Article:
A better way to add and remove Windows hosts file entries

Summary

In this article I present a couple of simple PowerShell scripts which will modify the hosts file on one (or more) Windows machines, so that you can route traffic destined for certain domains to specific IP addresses with minimal fuss. The scripts do this by adding (or removing) entries to (or from) the hosts file and they do this idempotently1, so you don't need to write any checks when adding or removing. In other words, when you add a host to the hosts file, it won't add it if it's already there.

It could be argued that modifying the hosts file is not really how you should be doing things in a production environment, but it's easy to imagine various scenarios in which it could be useful.

I'll also explain a few useful features of PowerShell scripts, such as the proper way to add support for the -WhatIf parameter.

Additionally, there's an extra script which enables you to copy your modified hosts file to multiple machines. This needs to be used with extreme caution (although it does make a backup of the remote hosts file), but is useful if you are trying to get precisely the same hosts file onto several machines in one step.

All of the scripts are in GitHub at:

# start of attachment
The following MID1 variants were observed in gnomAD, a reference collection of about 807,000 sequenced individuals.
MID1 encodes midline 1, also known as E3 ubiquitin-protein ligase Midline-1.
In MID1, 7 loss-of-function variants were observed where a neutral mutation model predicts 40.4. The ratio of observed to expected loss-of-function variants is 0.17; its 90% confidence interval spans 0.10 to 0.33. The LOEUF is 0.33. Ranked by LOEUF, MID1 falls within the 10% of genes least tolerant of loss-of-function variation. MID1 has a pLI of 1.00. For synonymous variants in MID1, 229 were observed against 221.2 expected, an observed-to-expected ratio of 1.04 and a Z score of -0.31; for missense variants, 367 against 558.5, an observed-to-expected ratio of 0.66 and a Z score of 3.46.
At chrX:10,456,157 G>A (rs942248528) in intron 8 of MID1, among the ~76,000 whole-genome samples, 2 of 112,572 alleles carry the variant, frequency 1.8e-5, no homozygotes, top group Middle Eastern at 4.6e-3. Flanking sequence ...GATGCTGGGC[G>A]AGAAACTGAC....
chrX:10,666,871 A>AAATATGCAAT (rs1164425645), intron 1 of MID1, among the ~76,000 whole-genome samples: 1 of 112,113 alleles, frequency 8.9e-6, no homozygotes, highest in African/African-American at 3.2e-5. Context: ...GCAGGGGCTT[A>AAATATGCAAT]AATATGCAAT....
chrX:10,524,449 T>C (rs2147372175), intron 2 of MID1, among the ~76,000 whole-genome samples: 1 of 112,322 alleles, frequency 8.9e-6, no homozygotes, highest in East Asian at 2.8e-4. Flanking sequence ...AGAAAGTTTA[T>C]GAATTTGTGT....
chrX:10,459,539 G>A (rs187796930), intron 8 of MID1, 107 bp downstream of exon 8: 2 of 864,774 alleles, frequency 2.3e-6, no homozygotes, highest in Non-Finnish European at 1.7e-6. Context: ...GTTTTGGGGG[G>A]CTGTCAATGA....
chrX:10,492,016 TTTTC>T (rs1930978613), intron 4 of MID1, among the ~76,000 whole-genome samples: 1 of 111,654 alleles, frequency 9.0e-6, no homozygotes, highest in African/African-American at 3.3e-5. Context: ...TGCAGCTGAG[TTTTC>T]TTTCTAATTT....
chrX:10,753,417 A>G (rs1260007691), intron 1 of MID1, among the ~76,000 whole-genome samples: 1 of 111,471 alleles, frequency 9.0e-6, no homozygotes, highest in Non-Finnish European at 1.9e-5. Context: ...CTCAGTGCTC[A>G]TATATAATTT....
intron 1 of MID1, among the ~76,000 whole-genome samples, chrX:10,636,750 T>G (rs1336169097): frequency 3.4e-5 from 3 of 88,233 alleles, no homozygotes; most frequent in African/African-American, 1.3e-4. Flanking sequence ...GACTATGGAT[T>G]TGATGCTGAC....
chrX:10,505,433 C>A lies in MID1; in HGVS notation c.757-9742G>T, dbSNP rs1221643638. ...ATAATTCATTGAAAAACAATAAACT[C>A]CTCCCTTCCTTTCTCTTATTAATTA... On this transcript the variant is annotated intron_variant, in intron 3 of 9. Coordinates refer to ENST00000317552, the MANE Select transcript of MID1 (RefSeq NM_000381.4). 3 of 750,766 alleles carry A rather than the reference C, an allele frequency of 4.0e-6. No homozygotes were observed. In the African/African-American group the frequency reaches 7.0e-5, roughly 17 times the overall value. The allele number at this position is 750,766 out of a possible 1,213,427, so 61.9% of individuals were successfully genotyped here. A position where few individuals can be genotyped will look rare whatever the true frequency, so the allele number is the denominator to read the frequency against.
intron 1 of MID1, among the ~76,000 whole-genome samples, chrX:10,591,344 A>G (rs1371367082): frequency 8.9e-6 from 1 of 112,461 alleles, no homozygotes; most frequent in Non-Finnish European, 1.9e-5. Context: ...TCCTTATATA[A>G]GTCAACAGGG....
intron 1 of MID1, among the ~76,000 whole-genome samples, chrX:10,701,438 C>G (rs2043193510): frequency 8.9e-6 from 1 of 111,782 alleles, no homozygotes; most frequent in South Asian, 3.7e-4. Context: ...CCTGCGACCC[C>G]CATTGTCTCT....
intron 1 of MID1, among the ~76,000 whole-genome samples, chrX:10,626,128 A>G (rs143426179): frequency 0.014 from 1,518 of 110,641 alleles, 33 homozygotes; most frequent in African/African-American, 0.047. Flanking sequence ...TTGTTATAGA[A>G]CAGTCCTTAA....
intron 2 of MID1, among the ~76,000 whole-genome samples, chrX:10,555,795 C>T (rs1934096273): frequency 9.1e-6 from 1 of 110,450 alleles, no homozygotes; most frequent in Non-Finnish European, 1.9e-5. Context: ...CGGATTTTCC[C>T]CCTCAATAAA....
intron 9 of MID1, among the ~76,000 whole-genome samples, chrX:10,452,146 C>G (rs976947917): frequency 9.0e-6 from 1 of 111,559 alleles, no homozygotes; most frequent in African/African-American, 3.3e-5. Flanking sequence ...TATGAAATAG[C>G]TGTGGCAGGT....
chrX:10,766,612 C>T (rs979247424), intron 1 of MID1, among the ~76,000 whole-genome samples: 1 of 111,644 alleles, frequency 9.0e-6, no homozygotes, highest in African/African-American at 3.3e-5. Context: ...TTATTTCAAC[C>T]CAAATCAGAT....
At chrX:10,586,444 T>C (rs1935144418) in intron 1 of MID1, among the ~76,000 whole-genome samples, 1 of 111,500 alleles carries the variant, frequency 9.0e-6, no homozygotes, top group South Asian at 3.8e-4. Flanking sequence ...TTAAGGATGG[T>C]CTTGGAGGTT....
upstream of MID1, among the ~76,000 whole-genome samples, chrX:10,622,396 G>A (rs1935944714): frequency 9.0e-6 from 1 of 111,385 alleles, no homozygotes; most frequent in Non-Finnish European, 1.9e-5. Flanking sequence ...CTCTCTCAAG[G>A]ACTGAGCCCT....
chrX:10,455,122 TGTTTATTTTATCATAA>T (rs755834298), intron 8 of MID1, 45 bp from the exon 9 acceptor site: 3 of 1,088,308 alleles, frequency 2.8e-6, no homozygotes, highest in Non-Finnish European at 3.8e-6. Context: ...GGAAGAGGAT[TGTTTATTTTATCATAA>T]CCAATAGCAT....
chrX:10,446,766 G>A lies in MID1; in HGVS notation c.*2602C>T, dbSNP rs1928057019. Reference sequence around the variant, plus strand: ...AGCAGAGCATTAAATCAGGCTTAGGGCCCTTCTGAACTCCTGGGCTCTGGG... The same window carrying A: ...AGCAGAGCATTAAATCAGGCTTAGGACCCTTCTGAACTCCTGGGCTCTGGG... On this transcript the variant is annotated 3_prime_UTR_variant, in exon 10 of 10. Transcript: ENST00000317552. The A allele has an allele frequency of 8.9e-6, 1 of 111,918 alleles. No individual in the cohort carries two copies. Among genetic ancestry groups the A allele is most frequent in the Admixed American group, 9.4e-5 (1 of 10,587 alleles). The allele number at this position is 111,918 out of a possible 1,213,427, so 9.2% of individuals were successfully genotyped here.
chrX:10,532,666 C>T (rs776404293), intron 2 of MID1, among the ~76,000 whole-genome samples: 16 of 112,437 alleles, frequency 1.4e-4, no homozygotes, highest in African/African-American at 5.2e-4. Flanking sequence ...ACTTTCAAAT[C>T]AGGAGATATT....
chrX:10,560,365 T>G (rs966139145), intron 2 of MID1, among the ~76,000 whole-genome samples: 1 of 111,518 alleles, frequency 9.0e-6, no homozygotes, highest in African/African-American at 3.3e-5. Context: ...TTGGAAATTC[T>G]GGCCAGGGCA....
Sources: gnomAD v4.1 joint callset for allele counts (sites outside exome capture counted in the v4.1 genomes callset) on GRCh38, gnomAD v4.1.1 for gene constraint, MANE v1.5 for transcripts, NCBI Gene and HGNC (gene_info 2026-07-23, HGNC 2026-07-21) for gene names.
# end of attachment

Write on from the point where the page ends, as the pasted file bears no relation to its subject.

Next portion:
https://github.com/TomChantler/EditHosts

Background

If you need to override DNS settings and route traffic for certain domains to specific IP addresses of your choosing then, if you don't want to mess around with DNS servers and/or proxies, the easiest way is to modify your hosts file. But what if you're dealing with a cluster of machines? What if you're not sure if you've already added some of the hosts entries? What if you need a script to automate the process? Don't worry, I've got you covered.

Why would you do that?

A short while ago, I had a problem and I needed to roll out a quick fix in order to change the routing of traffic to certain domains, for reasons which we don't need to go into now2. I needed to do this on several machines in a production environment and I wanted to make it as safe as possible. Bear in mind that I've tidied up the scripts quite a lot since I ran them in real life. Scary stuff, eh?

There are other, less exhilarating reasons that you might want to do this, particularly when you are developing software.

How

There are three scripts:

  • AddToHosts.ps1
  • RemoveFromHosts.ps1
  • UpdateMultipleHostsFiles.ps1

They do exactly what you might imagine.

AddToHosts.ps1

This script adds entries to your local hosts file idempotently and can take three parameters:

  • -Hostname (this is the hostname you want to add)
  • -DesiredIP (this is the IP address you want to associate with that hostname)